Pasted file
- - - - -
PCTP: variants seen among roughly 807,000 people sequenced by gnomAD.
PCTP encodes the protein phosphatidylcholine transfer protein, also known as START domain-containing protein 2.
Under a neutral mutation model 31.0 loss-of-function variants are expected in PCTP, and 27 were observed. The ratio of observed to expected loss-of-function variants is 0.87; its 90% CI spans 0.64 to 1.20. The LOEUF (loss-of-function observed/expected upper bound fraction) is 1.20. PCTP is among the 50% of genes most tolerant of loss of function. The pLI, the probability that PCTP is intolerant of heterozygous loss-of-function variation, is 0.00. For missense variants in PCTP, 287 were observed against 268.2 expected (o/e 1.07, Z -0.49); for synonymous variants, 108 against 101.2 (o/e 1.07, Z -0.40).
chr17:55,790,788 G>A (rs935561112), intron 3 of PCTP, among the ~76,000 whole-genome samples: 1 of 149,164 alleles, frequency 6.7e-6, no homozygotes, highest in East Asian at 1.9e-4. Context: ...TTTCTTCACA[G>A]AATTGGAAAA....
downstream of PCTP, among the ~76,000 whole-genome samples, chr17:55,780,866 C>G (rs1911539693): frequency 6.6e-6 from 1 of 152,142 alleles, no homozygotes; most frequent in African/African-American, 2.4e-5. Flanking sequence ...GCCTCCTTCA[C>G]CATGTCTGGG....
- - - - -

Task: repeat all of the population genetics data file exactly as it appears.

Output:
PCTP: variants seen among roughly 807,000 people sequenced by gnomAD.
PCTP encodes the protein phosphatidylcholine transfer protein, also known as START domain-containing protein 2.
Under a neutral mutation model 31.0 loss-of-function variants are expected in PCTP, and 27 were observed. The ratio of observed to expected loss-of-function variants is 0.87; its 90% CI spans 0.64 to 1.20. The LOEUF (loss-of-function observed/expected upper bound fraction) is 1.20. PCTP is among the 50% of genes most tolerant of loss of function. The pLI, the probability that PCTP is intolerant of heterozygous loss-of-function variation, is 0.00. For missense variants in PCTP, 287 were observed against 268.2 expected (o/e 1.07, Z -0.49); for synonymous variants, 108 against 101.2 (o/e 1.07, Z -0.40).
chr17:55,790,788 G>A (rs935561112), intron 3 of PCTP, among the ~76,000 whole-genome samples: 1 of 149,164 alleles, frequency 6.7e-6, no homozygotes, highest in East Asian at 1.9e-4. Context: ...TTTCTTCACA[G>A]AATTGGAAAA....
downstream of PCTP, among the ~76,000 whole-genome samples, chr17:55,780,866 C>G (rs1911539693): frequency 6.6e-6 from 1 of 152,142 alleles, no homozygotes; most frequent in African/African-American, 2.4e-5. Flanking sequence ...GCCTCCTTCA[C>G]CATGTCTGGG....